Indeed, the Right has used the term as a bludgeon against the anti-war movement on the Right and Left. I completely agree that it is wrong and cheapens the concept. There are anti-Semitic people out there who deserve the label, after all.

    I also agree that Jews should not feel compelled to some sense of loyalty to Israel. Many do not, and that hardly makes them anti-Semitic. The McCarthyesque tactics of shutting down debate over the ME with smears and fear mongering is obviously a shallow, base tactic and should be discouraged.

    That's just not how I read your post, I suppose...

    ReplyDelete
  7. Your snide remarks about Hitchens, et al are embarrassing. Whether you agree with them on not, they've paid their dues and don't write about what other bloggers write about what they write about and vice versa. You should save this kind of stuff for private conversations instead of revealing you small-mindedness to the world.

    Your post lacks a beginning, an end, and a middle. It's a jumble of poorly-understood so-called ideas.

    For example, I have no idea what on earth you can mean by the "Israeli project." Would that be uniting the lands between the Mediterranean and the Euphrates under Jewish domination? Would it be survival in the face of war declared against it by twenty Arab/Muslim countries? Would it be creating a prosperous and democratic state that offers security to Jews anywhere? After all, if the Jews had had an army like they do today, then goys like you wouldn't have been able to persecute them for centuries.

    Israel is our ally. We also have alliances with GB, Australia, and others that can be called "strategic," where "a combination of the economic, military, diplomatic and intelligence benefits" is national policy. Given the threats Israel faces, it's only natural that we give them military aid. Israel's enemies have their own resources in their war to exterminate Israel. Even so, the PLO was the beneficiary of Soviet aid and so was Syria and Nasser's Egypt back in the 50s-60s. This is about a tiny nation whose existence is attacked by the most oil-rich nations on earth. Surely your sense of fair-play would justify helping Israel to level the playing field.

    These contradictions you see in Goldberg and others don't exist. They criticize Israel. They support Israel. Nothing there that needs extensive interpretation by you. You should know that the "dual loyalty" charge is not about people feeling affinity for another country and having conflicted thoughts when these have conflicting policies. It's about the denunciations of the "Israel lobby's" preponderant influence over US policy, and at the more extreme, it's about denouncing the ZOG.

    How, exactly, do "ardent supporters" of Israel silence criticism? If those critics are denouncing the ZOG/"Israel lobby," then they deserve to be derided as cranks and probably accused of anti Semitism. If they don't, then nobody tries to silence them, least of all "ardent supporters" of Israel because, as you note (without really thinking about it) they will have a lot of criticisms and disagreements amongst themselves.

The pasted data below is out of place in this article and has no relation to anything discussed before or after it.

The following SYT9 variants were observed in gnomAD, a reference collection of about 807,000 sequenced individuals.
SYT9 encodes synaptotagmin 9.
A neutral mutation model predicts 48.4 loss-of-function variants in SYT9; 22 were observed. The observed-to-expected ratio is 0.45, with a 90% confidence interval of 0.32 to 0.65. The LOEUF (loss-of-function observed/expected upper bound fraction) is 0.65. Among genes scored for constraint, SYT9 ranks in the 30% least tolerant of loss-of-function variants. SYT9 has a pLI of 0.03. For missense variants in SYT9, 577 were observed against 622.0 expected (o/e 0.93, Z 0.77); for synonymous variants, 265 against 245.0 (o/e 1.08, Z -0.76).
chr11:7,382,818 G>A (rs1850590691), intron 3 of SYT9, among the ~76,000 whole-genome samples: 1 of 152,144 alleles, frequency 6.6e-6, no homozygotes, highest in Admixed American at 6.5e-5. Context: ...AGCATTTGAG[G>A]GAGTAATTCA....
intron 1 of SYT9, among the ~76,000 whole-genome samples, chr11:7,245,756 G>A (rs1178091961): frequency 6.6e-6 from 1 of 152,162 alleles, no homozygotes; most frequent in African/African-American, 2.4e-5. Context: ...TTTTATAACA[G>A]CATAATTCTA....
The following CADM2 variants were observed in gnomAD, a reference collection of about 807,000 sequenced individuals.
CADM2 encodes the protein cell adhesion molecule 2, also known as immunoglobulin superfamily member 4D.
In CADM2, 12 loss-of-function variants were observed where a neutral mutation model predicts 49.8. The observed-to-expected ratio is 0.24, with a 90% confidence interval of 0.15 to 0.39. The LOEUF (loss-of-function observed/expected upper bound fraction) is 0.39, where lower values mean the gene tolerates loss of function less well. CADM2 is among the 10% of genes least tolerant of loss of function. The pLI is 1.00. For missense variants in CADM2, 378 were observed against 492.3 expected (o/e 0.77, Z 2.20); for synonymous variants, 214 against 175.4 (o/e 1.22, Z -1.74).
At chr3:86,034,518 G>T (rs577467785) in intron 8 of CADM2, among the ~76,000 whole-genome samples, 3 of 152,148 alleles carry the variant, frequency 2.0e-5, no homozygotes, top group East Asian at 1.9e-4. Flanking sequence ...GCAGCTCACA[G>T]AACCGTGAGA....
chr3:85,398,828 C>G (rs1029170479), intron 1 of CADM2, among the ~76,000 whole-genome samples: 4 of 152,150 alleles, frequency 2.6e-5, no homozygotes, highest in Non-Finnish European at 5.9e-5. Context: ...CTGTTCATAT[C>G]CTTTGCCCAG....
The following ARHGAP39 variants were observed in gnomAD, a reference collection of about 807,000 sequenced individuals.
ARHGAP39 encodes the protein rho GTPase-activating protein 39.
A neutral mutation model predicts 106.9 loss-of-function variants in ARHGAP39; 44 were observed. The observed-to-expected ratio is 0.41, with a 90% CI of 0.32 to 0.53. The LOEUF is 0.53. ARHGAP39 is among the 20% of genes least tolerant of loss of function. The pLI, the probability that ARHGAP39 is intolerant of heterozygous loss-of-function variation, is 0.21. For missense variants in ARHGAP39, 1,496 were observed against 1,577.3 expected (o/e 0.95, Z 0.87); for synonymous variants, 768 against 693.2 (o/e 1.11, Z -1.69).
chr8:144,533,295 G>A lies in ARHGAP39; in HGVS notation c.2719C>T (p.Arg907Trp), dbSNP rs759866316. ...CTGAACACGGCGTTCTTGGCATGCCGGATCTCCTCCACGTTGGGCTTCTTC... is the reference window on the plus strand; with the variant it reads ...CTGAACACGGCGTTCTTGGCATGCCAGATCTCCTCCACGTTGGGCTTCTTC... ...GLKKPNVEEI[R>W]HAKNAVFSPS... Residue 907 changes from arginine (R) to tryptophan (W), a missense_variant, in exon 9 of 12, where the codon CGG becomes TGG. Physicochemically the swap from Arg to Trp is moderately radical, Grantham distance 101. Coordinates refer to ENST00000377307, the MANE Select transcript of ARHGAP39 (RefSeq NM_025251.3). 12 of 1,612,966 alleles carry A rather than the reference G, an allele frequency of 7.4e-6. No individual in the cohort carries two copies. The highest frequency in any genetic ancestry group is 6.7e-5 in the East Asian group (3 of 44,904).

Anyone can criticize anything—it's a free world. But if the criticisms lack any basis in fact or logic, the the critics deserve what they get: in your case, derision.

    ReplyDelete
  8. Would it be creating a prosperous and democratic state that offers security to Jews anywhere

    Bingo!

    ReplyDelete
  9. E.D. Kain/"Freddie": The hard-liners in Israel are not helping the situation, nor paving the way to peace. Then again, the terrorists aren't helping much either. We have the hard-liners on both sides causing this inertia in the peace process.

    What's a "hard-liner?" The two-state solution is now the "international consensus," which includes Israel and the US as well. But it doesn't include the Arabs. So, to "pave the way to peace" we need the Arab and Muslim states to recognize Israel, etc etc. If fact, the two-state solution has been accepted in theory by the US, Israel, and the UN since the '47 partition. Back then there was no Palestinian people. There were just Arabs. But the the UN partition granted them at least twice as much land as they can ever get now and the Arabs said "no" and invaded Israel to "push it into the sea," as the expression was back then. After the war, what was stopping them for founding a state on the West Bank/Gaza? What was stopping Egypt and Jordan from annexing the land and giving the refugees the security of citizenship, even if it's only Egyptian or Jordanian citizenship.

    Today, "More than half of Palestinians reject a two-state solution to the Israeli-Palestinian crisis, reports a poll by An-Najah National University." On the other hand, "74% of Israelis favor a two state solution to the Israeli-Palestinian conflict, according to a recent poll by Market Watch."

    "57.4 % of the Palestinians support the halt of the suicide bombings inside Israel" according to the Palestinian Center For Public Opinion.

    You think it's "imperative on American Jews to be critical of failed Israeli policies." This lowly blog debate is evidence that American Jews' criticisms. But why isn't it also imperative on American Arabs and Muslims to be critical of failed Arab policies, like opposition to Israel's existence and sixty-some-odd years of war and suicide murders that have yielded them nothing but more war.

    ReplyDelete
  10. When suggested by someone perceived as an enemy of the Israeli project (which simply means anyone not in line with the most radically hawkish Israeli right), that is commonly referred to as "dual loyalty", and suggesting that any Jews whatsoever feel it or have it is a blood libel, demonstrating the shrieking anti-Semitism of the person making the suggestion.